With the New Orleans Saints coming off their worst loss in a season of bad ones, tackle Zach Strief found one common element Monday amid a maddeningly inconsistent year.
He said the pregame atmosphere in the locker room has been a reliable predictor of the Saints’ performance every week, not just in Sunday’s 41-10 embarrassment against Carolina at the Mercedes-Benz Superdome.
“I’m telling you I could go back to games and say, ‘I felt that coming’ when it doesn’t go well,” he said. “And I feel that coming when we play well. I know what it looks like when a team is ready.”
Strief said he had no issue with the way the Saints (5-8) practiced each week. The problems have arisen on game day. The latest defeat was their fourth in a row at home.
“You don’t want to put in that work and then have that product on the field,” he said. “To me, that is the epitome of professionalism. I don’t think it’s guys walking in like, ‘I don’t care.’ I think it’s not realizing how up you have to be for every game to be successful.
“I keep talking about energy. There’s lots of reasons why we lost that game; we did plenty of things wrong. But to me, it’s less about that stuff and more about why is it that we can’t have the week-to-week energy that’s necessary to win a game.”
New Orleans played well enough to beat NFC-leading Green Bay 44-23 and AFC North co-leader Pittsburgh 35-32 but lost by 17 or more to Dallas, Cincinnati and Carolina.
“A lot of it is the expectation that showing up and playing is enough,” Strief said. “It’s not. (Players think) ‘OK, I put my uniform on, I look good, I walk out on the field and now that we’re here and we’re the Saints and we have this history where we’ll win games, now we’re just going to win this game.’ And that’s not the reality of this league. The teams that created that perception here, it wasn’t like that.”
A couple of Strief’s teammates did not share his assessment.
“I watched the tape last night a couple times, and it didn’t look like guys weren’t playing hard,” safety Kenny Vaccaro said. “I don’t think it’s an emotional thing.”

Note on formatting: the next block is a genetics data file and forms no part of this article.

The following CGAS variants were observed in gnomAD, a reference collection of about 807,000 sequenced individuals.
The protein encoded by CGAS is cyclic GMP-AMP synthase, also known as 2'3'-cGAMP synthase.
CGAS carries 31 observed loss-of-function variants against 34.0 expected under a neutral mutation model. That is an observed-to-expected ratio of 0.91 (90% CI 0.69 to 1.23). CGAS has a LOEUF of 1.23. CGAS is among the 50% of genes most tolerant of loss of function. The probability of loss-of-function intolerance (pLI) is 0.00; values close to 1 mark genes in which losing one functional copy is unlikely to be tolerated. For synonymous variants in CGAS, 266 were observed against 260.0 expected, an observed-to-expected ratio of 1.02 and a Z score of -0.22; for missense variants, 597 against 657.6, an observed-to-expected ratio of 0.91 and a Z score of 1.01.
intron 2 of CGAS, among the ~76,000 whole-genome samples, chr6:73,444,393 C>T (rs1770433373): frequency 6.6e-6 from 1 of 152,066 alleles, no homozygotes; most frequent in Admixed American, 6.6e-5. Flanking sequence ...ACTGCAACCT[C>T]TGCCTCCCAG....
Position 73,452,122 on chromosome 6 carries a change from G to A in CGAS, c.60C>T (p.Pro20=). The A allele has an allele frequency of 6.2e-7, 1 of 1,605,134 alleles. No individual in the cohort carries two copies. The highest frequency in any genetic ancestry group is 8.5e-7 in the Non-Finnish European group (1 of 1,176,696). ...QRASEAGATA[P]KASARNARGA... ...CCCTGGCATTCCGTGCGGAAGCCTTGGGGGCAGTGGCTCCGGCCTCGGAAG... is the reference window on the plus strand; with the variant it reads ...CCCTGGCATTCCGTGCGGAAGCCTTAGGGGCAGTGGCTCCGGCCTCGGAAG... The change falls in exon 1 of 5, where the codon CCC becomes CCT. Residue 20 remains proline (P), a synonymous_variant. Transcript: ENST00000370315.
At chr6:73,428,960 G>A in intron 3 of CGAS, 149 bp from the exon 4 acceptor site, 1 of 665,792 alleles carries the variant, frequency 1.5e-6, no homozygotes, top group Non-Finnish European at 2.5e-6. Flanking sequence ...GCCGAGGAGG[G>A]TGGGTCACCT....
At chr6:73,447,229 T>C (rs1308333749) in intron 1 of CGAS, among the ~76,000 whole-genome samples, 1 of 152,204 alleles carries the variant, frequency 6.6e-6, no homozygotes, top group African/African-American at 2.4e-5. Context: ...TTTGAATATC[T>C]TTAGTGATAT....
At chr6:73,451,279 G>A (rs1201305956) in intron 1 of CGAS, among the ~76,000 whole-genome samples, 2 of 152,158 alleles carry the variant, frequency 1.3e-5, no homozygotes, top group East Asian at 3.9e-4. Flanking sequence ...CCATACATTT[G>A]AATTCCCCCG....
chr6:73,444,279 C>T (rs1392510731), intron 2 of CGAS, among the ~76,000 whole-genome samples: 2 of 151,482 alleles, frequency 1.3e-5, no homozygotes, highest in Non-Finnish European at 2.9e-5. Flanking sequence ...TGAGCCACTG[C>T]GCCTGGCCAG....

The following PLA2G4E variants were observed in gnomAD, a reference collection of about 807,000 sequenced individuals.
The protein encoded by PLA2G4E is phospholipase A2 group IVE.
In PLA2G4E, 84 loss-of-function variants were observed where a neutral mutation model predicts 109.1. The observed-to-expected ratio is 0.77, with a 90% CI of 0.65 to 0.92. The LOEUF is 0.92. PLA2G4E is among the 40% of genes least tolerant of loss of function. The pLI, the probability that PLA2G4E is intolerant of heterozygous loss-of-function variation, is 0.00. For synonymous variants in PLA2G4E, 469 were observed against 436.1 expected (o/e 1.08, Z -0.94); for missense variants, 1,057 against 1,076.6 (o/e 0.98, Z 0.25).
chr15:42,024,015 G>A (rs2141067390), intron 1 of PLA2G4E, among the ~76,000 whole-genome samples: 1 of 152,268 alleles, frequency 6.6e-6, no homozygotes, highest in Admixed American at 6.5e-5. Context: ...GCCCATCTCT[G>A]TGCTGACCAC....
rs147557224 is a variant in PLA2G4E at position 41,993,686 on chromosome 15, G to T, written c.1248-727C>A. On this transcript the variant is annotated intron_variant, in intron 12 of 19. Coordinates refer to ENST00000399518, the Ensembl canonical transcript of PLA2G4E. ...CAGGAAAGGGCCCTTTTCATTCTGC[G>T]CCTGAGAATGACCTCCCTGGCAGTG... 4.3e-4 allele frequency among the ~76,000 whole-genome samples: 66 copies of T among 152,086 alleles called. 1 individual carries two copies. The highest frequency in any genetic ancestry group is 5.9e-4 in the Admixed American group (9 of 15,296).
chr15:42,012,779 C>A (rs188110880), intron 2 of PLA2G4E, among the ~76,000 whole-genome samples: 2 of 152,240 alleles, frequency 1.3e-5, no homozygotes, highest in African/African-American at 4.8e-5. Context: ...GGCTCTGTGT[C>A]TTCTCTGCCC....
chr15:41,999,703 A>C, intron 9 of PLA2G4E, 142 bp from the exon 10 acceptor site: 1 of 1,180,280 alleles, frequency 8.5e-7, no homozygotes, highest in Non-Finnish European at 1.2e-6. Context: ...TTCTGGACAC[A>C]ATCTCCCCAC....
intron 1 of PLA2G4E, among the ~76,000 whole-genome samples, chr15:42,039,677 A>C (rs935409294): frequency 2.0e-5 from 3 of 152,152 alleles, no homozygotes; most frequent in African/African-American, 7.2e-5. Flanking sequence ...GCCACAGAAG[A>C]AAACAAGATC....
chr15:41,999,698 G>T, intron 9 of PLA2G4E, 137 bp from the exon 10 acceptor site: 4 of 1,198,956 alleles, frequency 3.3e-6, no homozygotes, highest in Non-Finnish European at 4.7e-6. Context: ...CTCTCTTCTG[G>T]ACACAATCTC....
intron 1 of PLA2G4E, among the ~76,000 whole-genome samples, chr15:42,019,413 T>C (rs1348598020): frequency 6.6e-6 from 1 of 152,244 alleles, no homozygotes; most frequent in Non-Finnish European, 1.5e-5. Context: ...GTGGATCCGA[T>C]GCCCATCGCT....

Center Jonathan Goodwin ripped the team’s performance but stopped short of criticizing the effort level.
“A lot of times when you lose games, you can look back on the week and say you saw certain things in practice, and I haven’t see that,” he said. “That’s the real mind-boggling thing about this season.”
What’s more mind-boggling than the Saints’ inconsistency? Maybe that they remained tied for the NFC South lead after Atlanta lost 43-37 at streaking Green Bay on Monday night.
New Orleans plays at Chicago next Monday, hosts Atlanta the following Sunday and finishes at Tampa Bay. Atlanta hosts Pittsburgh this Sunday and Carolina on the season’s final Sunday.
Coach Sean Payton was not exactly brimming with confidence about the Saints’ playoff prospects.
“The only reason we’re sitting here still with that small sliver of hope is just because the way the division has unfolded this year,” he said. “Here’s some key things that hold true every year: It’s about blocking, tackling, the fundamentals of ball security. And when those start to slip, you see inconsistent results. That’s just the truth.”
The first-place team in every other division has at least eight wins. The Saints would be virtually eliminated from playoff consideration if they were not in the NFC South.
“When you’re in this position, you’ve got to find any type of optimism,” Vaccaro said. “Everybody wants to make the playoffs. Once you make the playoffs, everybody’s 0-0. It’s a plus.”
The only similarity between New Orleans’ 28-10 win at Carolina on Oct. 30 and Sunday’s debacle was the Saints’ first two offensive possessions, when they committed turnovers.
They held the Panthers without a point after their miscues on the road but gave up 10 points off their two turnovers in the rematch. Their first performance turned out to be an anomaly.
“I don’t know how mentally tough we’ve been when we’ve gotten hit in the mouth early on,” Payton said. “When you play in this league, there’s going to be those momentum shifts and you’re going to have to be able to collect yourself and get on to the next play. We’ve struggled in that area.”
The Saints, who were No. 1 in the NFL in third-down-conversion percentage entering the Carolina game, converted just one of their first 10 third-down opportunities. … Payton said he considered pulling quarterback Drew Brees in the fourth quarter but left him in with the understanding that he would get the ball out of his hands quickly on every pass attempt to avoid taking hits. … Payton praised tackle Bryce Harris, who replaced injured Terron Armstead in the first half, for playing through a tweaked ankle in the second half. … Payton said he counted eight dropped passes when he watched video of the game. … Payton said running back Khiry Robinson was available to play but, with the way the game got out of hand, Mark Ingram never needed a breather.